The Swiss have a long history of emigrating to Russia, contributing their skills as artists, teachers and farmers and making a good living for themselves.This content was published on September 17, 2009 - 16:19
After the Russian revolution of 1917 most of those who could do so returned home, but since the end of the Cold War at the beginning of the 1990s the Swiss have started to move back.
Relations between Switzerland and Russia have rarely been better than they are now: the Russian president, Dmitri Medvedev, who arrives in Switzerland on Monday is the first Russian head of state ever to pay a state visit.
Restaurateur and art collector Dolf Michel says chance brought him to Moscow. He first came in 1990, as part of a catering delegation for the Kremlin Cup tennis tournament.
He was then asked by a Swiss firm to open seven restaurants in the Russian capital, but in 2000 he got the chance to take over the historic Café des Artistes, in the very heart of town.
It could hardly be better situated: the most prestigious theatres and five-star hotels all around, and a back entrance to the Russian parliament building. And Michel could hardly be better suited to run it: an art lover himself, he restored its early 20th century decoration and ambiance, and uses part of it for art exhibitions.
Catering for the stars
Added to that, outstanding cuisine – French based "with a Russian touch", as he described it to swissinfo.ch – with all the ingredients air freighted from abroad. No wonder that "everyone who is anyone" eats at his restaurant. Royalty, presidents, Hollywood stars, Russian showbiz personalities all figure in his guestbook.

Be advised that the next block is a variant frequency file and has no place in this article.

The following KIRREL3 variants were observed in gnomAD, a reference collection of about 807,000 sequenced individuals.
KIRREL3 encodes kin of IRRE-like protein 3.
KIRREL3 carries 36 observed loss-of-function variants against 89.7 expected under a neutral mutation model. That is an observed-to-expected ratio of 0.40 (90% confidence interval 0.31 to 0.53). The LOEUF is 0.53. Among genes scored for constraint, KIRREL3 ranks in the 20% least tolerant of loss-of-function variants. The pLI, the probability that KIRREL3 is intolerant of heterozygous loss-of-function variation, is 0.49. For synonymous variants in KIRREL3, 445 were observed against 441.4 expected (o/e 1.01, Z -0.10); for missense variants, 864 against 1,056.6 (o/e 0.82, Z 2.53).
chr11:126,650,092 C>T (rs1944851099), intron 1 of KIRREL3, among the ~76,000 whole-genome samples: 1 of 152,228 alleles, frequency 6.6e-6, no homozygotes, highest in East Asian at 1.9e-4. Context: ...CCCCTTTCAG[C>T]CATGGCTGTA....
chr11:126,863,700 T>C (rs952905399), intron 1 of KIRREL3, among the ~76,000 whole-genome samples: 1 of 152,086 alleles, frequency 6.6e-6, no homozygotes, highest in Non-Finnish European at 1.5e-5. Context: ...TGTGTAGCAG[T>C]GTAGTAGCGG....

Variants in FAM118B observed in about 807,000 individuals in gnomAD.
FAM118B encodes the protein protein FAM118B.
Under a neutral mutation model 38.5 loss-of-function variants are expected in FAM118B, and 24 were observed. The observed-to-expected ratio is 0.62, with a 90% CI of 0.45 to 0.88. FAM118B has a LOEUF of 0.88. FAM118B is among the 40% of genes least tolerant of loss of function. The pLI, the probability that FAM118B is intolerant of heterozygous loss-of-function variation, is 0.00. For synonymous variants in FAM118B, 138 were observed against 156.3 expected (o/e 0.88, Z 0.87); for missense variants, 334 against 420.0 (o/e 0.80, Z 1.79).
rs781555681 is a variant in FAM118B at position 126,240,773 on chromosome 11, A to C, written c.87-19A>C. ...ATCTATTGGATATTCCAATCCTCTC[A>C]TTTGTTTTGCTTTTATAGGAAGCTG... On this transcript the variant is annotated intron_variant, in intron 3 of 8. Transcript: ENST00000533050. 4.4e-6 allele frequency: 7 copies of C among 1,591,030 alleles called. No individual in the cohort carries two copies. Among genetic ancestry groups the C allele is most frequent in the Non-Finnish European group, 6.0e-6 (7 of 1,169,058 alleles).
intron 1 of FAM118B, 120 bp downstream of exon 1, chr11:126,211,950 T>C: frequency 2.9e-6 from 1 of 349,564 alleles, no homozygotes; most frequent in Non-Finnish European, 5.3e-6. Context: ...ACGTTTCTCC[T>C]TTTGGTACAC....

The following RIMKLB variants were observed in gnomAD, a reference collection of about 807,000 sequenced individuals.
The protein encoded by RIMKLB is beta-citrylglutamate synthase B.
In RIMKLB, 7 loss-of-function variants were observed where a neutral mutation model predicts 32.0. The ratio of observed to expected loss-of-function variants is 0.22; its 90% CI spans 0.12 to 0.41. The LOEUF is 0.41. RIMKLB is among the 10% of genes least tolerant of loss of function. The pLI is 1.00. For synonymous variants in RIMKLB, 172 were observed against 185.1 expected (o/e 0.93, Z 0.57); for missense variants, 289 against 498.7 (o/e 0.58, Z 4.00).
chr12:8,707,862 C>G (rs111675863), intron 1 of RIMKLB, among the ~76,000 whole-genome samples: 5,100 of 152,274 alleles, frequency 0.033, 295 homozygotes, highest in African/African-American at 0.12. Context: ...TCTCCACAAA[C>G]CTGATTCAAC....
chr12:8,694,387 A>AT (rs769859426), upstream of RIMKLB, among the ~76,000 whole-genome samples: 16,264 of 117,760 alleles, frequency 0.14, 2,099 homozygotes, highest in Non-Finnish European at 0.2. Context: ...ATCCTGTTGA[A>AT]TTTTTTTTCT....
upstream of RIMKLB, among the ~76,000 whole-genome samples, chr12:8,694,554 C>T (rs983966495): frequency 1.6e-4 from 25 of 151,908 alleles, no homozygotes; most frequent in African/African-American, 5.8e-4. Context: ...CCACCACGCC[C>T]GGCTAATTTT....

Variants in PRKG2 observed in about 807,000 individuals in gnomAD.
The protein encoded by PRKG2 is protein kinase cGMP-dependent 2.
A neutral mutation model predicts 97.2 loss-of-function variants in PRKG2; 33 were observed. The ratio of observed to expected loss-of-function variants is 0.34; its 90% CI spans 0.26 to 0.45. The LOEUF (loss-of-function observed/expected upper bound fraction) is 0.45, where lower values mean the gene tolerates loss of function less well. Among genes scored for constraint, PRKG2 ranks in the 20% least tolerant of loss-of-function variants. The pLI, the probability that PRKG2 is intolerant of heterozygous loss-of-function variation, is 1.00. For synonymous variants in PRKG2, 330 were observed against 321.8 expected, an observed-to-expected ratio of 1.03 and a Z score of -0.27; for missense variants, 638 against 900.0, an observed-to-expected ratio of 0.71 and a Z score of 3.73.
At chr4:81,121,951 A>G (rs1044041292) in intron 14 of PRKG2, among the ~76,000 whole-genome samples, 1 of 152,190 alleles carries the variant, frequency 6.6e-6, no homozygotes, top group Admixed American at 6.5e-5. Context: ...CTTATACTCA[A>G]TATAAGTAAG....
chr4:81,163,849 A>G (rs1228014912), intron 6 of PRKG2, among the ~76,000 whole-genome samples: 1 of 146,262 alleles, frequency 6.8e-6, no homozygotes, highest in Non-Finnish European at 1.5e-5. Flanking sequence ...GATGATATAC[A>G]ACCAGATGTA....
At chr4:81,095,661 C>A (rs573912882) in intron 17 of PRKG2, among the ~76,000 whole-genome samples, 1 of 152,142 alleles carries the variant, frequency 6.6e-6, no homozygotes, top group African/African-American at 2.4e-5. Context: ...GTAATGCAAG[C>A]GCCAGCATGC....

As for the twin problems that are the bane of business, the mafia and bureaucracy, Michel shrugs them off.
"I never had problems with the mafia. I had good connections because of the Kremlin Cup. Of course I benefitted from these connections – not directly, but they were always there," he told swissinfo.ch.
As for bureaucracy, he thought it was a nightmare - until he started trying to open a restaurant in Berlin.
"I'll never complain about Russian bureaucracy again, now that I know what the Germans are like," he smiled.
Walter Denz has been in Russia almost as long as Michel, but he came for very different reasons and his success is in a very different field.